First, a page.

This paper presents significantly improved deterministic algorithms for some of the key problems in the area of distributed graph algorithms, including network decomposition, hitting sets, and spanners. As the main ingredient in these results, we develop novel randomized distributed algorithms that we can analyze using only pairwise independence, and we can thus derandomize efficiently. As our most prominent end-result, we obtain a deterministic construction for O(log n)-color O(log n ·logloglog n)-strong diameter network decomposition in Õ(log^3 n) rounds. This is the first construction that achieves almost log n in both parameters, and it improves on a recent line of exciting progress on deterministic distributed network decompositions [Rozhoň, Ghaffari STOC'20; Ghaffari, Grunau, Rozhoň SODA'21; Chang, Ghaffari PODC'21; Elkin, Haeupler, Rozhoň, Grunau FOCS'22].Mohsen Ghaffari, Christoph Grunau, Bernhard Haeupler, Saeed Ilchi, Václav Rozhoňwork_lnohfvsjgbdirlx37d5cq6dbcuFri, 23 Sep 2022 00:00:00 GMTComputing solution space properties of combinatorial optimization problems via generic tensor networks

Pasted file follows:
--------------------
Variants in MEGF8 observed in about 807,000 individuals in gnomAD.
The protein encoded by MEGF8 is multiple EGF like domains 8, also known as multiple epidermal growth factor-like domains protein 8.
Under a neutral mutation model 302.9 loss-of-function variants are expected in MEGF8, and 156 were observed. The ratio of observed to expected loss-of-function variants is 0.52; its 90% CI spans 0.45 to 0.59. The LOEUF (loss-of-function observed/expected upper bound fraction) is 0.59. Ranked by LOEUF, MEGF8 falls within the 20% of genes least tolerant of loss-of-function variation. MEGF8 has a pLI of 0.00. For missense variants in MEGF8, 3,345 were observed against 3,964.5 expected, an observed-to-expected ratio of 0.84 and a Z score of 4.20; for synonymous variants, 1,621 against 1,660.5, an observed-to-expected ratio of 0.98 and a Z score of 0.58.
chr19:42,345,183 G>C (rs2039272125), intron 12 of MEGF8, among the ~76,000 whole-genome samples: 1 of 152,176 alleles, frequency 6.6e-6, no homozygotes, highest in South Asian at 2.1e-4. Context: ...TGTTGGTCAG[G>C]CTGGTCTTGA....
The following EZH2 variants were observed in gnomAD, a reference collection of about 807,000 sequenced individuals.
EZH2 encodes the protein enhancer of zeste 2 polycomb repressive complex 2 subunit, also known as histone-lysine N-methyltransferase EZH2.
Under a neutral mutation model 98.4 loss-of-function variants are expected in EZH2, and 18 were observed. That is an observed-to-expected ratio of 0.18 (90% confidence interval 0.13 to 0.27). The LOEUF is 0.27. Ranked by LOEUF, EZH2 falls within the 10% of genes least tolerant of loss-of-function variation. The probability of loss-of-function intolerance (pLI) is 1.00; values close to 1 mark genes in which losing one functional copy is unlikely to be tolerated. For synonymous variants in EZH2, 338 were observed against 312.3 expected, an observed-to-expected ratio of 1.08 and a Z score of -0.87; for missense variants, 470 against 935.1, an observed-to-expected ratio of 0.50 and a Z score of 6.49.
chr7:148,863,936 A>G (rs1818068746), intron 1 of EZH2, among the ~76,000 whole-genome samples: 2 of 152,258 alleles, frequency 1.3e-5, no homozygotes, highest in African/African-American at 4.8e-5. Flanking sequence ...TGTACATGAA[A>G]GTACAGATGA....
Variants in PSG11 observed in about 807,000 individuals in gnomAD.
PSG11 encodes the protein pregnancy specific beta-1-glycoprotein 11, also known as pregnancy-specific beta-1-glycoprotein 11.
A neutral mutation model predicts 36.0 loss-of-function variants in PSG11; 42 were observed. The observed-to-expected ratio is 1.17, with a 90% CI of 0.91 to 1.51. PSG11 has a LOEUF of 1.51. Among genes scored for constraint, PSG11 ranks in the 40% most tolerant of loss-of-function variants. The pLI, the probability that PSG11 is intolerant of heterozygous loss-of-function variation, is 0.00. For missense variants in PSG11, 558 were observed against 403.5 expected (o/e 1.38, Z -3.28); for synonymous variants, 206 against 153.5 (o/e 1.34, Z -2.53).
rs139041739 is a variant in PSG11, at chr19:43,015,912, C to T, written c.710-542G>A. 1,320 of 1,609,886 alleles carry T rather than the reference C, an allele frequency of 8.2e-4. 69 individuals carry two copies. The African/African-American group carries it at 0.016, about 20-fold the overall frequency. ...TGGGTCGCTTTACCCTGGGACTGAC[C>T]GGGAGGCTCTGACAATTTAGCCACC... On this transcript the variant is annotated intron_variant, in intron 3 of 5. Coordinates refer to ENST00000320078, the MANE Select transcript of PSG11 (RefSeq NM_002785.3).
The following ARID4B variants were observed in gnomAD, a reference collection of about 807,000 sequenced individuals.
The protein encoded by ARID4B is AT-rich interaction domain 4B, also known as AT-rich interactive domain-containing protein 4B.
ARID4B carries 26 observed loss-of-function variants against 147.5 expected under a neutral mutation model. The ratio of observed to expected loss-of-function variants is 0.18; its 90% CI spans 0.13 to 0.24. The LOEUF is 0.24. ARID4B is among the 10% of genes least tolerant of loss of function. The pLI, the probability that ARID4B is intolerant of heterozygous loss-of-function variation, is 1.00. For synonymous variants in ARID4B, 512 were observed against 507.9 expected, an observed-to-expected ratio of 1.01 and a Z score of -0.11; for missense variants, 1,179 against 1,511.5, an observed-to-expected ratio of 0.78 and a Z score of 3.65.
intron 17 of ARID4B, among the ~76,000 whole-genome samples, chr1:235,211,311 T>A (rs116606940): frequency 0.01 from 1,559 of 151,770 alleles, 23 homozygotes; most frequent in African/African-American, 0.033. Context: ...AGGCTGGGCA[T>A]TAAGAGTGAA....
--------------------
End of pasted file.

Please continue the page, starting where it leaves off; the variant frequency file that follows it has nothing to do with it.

https://scholar.archive.org/work/xee5elvwfjdvlmht37lzrjqc7m